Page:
As a history lover (a trait I inherited from my history buff father), I love London most for its incredible past. And one of the best places to appreciate the past in London is in one of London’s many (mostly free!) museums.
So while my family and I were in London last September, we made sure to budget at least two days for visits to castles and museums.
Most especially the incredible British Museum.
And on the first crisp, rainy day (perfect museum day weather!) we headed over to slowly explore this magnificent museum.And magnificent it truly is.
Found in 1753 on the exact same site, the museum building itself is stunning juxtaposition of neoclassical architecture with a modernist dome windowed ceiling which allows ample nature light for viewing exhibitions with (and is a photographer’s dream!).
I remember the first time I stepped into this inner atrium (known as the Queen Elizabeth II Great Court) in 2008, it took my breath away. It was only opened in 2000 but has already become one of the most recognizable indoor spaces in all of London.
And it’s not hard to see why.The amazing mixture of old and new is positively spectacular and such an innovative space in which to experience all the world wonders found in the museum.When I first came in 2008 I only had a small point-and-shoot camera with me so I was incredibly grateful to return on our family trip with my professional camera to capture the domed ceiling in all it’s glory.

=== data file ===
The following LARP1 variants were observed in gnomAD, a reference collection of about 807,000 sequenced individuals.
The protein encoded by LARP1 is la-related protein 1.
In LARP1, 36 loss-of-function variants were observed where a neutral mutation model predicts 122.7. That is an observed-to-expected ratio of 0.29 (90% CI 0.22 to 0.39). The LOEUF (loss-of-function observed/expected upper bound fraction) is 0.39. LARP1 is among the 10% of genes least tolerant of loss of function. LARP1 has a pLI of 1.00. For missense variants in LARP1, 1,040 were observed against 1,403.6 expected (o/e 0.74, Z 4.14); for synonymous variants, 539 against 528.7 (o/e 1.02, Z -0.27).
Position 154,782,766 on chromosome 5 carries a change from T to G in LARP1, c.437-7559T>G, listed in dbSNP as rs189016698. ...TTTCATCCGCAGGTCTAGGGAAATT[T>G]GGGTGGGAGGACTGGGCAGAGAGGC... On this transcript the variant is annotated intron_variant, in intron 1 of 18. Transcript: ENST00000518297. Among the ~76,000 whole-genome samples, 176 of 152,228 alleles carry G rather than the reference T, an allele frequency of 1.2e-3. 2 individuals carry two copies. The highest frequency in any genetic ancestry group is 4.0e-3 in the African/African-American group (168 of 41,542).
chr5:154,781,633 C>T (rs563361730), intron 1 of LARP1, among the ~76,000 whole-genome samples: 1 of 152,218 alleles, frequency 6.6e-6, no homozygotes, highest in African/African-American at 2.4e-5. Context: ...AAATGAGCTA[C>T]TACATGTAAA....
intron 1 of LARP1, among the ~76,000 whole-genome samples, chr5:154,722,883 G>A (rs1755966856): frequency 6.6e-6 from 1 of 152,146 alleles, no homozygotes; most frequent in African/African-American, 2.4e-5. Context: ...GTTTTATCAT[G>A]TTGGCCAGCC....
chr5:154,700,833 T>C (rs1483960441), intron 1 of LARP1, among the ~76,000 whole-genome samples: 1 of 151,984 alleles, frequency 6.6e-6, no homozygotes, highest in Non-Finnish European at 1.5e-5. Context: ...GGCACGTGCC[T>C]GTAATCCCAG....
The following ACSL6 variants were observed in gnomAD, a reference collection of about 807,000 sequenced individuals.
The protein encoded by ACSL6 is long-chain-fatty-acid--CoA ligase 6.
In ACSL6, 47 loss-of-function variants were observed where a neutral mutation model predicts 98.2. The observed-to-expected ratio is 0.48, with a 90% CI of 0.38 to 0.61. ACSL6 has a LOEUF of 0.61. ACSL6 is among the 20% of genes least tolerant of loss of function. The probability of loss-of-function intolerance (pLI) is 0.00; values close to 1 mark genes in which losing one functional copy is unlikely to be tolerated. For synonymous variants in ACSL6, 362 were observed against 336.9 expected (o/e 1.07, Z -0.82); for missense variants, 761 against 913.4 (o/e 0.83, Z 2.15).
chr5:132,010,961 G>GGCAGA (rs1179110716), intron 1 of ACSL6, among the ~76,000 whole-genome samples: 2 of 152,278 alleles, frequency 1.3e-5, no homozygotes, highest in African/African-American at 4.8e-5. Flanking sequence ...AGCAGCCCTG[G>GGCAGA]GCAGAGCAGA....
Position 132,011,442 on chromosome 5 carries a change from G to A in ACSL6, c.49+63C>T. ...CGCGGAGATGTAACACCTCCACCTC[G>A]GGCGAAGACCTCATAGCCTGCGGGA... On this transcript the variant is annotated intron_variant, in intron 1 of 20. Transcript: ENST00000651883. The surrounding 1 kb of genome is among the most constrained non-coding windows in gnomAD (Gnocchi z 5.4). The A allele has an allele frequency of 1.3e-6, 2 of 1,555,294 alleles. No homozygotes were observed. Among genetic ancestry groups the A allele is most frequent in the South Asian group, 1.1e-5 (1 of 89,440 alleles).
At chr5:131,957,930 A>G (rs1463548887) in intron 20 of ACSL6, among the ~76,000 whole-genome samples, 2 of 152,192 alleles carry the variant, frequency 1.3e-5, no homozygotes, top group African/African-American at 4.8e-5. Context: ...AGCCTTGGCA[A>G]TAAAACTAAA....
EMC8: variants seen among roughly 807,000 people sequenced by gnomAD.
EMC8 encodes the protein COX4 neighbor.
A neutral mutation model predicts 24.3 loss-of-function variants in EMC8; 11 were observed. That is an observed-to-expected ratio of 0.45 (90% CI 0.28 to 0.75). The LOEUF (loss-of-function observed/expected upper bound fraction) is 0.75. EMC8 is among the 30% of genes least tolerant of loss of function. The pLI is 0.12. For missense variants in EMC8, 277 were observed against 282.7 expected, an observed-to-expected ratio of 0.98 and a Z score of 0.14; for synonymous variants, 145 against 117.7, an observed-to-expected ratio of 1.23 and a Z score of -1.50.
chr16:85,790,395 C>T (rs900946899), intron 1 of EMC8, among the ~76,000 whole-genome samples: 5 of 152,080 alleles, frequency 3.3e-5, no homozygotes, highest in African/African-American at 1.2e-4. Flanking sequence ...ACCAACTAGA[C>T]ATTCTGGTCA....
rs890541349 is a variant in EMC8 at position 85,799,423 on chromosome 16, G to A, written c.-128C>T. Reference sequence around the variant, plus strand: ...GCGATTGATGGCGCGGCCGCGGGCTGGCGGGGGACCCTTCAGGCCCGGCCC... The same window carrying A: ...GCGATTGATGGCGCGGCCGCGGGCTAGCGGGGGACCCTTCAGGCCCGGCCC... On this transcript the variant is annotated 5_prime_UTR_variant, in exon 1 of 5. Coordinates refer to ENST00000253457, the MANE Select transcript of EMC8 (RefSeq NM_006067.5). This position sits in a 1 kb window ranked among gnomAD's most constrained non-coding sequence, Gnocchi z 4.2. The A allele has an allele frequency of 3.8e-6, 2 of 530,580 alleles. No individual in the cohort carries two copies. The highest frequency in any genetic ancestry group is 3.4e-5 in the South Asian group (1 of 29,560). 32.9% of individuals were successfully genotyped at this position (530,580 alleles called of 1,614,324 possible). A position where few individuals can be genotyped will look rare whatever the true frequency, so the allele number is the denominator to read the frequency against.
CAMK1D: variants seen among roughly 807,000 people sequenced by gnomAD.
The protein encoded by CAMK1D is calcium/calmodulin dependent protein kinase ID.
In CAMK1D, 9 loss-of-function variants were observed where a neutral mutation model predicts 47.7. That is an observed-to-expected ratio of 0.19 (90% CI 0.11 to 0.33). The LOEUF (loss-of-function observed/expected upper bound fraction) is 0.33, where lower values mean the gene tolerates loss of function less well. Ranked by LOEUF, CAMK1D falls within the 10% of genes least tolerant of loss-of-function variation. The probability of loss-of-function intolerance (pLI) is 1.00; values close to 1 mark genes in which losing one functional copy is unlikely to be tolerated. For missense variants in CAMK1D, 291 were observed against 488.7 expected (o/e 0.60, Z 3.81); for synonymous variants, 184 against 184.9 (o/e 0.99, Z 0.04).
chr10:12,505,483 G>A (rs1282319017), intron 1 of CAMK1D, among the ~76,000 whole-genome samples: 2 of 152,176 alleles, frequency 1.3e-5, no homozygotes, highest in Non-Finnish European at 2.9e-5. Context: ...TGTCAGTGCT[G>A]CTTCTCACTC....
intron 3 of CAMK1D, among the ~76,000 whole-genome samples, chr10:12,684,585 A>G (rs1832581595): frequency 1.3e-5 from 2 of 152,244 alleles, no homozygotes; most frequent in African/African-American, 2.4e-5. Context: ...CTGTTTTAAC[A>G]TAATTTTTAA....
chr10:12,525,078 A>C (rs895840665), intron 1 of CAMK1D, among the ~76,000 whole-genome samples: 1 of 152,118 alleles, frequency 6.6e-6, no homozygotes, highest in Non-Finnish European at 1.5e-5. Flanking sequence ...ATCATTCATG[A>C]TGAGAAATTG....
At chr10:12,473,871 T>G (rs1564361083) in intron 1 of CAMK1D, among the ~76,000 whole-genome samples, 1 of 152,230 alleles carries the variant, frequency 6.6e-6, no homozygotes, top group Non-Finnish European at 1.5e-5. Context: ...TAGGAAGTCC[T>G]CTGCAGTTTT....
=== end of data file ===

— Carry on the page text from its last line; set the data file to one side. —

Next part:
You can easily spend all day just in this atrium!But with over 8 million objects in their collection, don’t spend too much time admiring the ceiling because the treasures within are even more breath-taking. First we stopped at the small café in the atrium for some coffee and…some nibbles to fuel up for our day of exploration! They we were off!First stop? The most famous piece in the entire museum’s collection… the Rosetta Stone.
You can read a little of the history of this famous stone which in 1799 was instrumental in breaking the code to the previously untranslated hieroglyphic language here. Back in college I actually took a semester long class on hieroglyphics — I found the written language to be fascinating and it heavily fueled my passion for Ancient Egyptian culture. Hieroglyphs are very formulaic and religious in nature when translated — read a full translation of the Rosetta Stone here to get a sense for what I mean.
Seeing the stone in person is something everyone should have the opportunity to do in their lifetime (especially because it’s free!). It’s the reason we understand everything we know now about hieroglyphs. And since it’s been on display continuously in the British Museum SINCE 1802, it is the most-visited item in the entire British Museum collection.
And the perfect place to start your explorations!But don’t come just to see the famous Rosetta Stone because there is plenty more to explore! Such as Greek statues of all kinds (some from the Parthenon)… all of which are breath-taking.And filled with so many stories from the ages.There are also Egyptian statues and all sorts of ancient wonders.Not to mention ample displays of ancient jewels. And even real mummies! Though beware, these rooms are always PACKED with tourists. You’ll also find plenty of medieval and renaissance treasures.As well as relics and pieces from the Ancient Americas as well. But my favorite collection has to be the British Museum’s superb display of hundreds of pocket watches of all shapes, sizes, and colors. And larger clocks such as this Spanish Armada ship which is… of course… a clock! See the clock dial? And finally one of the coolest pieces you can see at the British Museum? An actual Easter Island stone head, known as Moai!
The next time you find yourself in London don’t forgo this incredible treasure of a museum — each and every time I visit I see and learn so many new things!